This is also the first time Mark Wilson, 29, has run for public office. An employee of Sunrise Door and Woodworks in Gasport, he has lived in the village the past year, but attended Barker schools. He and his girlfriend, Samantha, have a toddler son.
“We moved to the village because we planned on raising our family here,” said Wilson. “I like a smaller community and I like to have a say in what’s going on. I’ve been going to the board meetings since I moved into the village. People want to know where the money’s going, what it can be spent on and what it shouldn’t be spent on.”
Westcott, 63, a Delphi retiree, took office as mayor in April 2011. He is unopposed once again in this election to head the government for this village of 1,840 for the next two years.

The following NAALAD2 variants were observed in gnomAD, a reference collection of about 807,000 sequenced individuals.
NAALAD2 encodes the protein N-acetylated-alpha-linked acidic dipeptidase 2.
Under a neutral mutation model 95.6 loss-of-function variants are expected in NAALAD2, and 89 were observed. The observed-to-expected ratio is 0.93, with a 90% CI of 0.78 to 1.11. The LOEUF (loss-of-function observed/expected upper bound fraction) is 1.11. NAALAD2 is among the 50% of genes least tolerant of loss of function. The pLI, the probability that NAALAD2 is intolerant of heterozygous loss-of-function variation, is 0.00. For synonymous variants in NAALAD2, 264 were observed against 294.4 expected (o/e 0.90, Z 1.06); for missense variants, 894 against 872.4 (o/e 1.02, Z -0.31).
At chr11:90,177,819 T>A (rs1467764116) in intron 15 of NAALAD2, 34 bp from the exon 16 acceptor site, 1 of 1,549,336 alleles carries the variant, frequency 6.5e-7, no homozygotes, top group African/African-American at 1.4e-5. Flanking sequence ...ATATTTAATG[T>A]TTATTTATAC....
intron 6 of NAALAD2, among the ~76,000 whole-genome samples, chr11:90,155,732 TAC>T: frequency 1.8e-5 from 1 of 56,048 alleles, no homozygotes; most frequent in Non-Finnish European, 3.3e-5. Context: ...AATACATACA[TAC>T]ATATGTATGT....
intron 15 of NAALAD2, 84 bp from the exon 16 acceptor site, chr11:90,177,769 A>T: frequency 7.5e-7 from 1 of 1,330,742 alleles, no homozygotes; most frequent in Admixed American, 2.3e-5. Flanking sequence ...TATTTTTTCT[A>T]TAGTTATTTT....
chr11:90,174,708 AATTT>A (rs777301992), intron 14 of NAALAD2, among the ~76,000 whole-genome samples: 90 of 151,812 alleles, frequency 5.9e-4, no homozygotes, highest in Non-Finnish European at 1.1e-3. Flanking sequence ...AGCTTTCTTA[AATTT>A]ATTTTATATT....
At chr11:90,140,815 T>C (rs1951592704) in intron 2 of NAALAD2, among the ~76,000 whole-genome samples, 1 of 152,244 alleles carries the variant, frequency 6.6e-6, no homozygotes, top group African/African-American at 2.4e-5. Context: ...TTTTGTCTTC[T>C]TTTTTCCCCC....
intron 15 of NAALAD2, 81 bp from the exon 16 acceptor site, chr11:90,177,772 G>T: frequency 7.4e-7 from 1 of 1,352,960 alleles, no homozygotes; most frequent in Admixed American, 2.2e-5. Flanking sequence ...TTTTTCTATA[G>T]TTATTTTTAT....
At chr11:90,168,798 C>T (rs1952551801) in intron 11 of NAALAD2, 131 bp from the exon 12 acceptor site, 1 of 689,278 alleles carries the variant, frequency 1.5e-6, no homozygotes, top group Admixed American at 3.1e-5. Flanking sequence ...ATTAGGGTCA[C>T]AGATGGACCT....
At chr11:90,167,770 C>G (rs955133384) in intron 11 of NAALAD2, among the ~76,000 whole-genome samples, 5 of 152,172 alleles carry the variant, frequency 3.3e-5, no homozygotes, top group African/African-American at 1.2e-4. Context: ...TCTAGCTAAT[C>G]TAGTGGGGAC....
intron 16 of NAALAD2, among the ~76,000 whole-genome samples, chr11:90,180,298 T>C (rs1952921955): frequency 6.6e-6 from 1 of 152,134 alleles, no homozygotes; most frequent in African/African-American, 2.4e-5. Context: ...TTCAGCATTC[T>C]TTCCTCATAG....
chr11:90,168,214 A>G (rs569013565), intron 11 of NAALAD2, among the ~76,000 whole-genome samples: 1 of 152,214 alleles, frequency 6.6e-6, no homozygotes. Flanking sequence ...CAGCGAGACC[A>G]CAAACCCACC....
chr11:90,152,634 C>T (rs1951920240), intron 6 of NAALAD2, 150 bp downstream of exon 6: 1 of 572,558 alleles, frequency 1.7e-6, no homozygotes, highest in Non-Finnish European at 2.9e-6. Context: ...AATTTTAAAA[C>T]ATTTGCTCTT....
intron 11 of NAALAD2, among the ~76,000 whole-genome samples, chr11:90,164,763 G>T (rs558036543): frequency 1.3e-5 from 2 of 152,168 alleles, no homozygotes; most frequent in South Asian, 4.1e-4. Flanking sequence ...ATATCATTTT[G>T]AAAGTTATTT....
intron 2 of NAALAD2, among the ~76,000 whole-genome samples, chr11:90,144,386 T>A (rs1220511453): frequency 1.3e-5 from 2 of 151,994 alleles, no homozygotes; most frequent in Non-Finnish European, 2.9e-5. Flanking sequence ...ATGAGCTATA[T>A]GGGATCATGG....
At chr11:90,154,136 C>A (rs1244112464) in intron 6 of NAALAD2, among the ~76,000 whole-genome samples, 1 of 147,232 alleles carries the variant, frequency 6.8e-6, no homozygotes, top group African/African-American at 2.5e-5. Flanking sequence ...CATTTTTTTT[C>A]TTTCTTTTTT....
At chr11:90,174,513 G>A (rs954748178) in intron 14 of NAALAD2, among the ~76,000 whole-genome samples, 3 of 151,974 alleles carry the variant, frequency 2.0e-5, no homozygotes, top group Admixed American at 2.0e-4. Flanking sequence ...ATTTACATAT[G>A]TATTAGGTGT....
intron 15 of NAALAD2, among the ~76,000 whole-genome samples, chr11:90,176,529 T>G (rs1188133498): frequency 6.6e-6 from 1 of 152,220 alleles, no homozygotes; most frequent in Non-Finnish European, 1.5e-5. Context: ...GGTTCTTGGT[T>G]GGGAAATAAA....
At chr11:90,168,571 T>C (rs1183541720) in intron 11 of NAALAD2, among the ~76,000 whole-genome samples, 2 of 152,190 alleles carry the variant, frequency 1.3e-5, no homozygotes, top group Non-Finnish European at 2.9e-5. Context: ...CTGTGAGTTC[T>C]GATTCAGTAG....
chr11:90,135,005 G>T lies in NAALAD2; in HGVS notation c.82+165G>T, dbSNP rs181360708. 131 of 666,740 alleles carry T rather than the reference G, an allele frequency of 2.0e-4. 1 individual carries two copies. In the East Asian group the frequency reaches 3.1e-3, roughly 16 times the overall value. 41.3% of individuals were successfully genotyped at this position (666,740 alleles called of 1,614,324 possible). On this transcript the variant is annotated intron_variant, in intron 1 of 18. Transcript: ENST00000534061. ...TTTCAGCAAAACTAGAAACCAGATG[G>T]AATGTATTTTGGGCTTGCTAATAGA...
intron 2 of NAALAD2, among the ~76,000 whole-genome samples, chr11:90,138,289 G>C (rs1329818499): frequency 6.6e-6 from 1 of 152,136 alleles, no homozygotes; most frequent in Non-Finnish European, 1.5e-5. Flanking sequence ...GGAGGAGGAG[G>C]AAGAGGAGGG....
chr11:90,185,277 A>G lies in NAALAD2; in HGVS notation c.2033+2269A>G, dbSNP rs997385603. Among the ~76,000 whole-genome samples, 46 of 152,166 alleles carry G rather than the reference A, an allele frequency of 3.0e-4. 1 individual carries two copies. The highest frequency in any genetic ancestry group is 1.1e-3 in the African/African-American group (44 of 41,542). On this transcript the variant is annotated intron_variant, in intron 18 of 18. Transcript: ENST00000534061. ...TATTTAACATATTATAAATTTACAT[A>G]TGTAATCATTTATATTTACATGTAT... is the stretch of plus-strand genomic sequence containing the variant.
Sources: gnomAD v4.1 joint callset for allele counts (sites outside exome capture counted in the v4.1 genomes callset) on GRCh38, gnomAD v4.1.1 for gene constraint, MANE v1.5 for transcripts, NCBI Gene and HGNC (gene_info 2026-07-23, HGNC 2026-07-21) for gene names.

He served as a Middleport trustee from 1990 to 1996 and then was elected again as a trustee in 2008 and 2010. With a year left on his second trustee term, he was uncontested in his bid for mayor in 2011 when Mayor Julie Maedl chose not to seek a sixth term. He is running on the Action Party ticket.
Westcott is a Middleport native and 45-year member of the Middleport Fire Department, where he served as president and chief.
He and his wife, Vonda,have two children. He’s treasurer for the Fourth Degree Knights of Columbus, St. Joan of Arc, and served a decade on the Community Advisory Panel and Middleport Advisory Group.
“Maintaining the levels of service is the hardest part (of village government), with the economic burden of unfunded state mandates for retirement and health care,” Westcott said. “Where do you absorb these costs? We have limited ways. It’s a pretty good balancing act to make sure you get the most for your dollar.”
Blumrick, representing the Middleport First Party line, and Hinkson, backed by the Village Party, are also unopposed in their re-election bids for their second two-year terms Tuesday.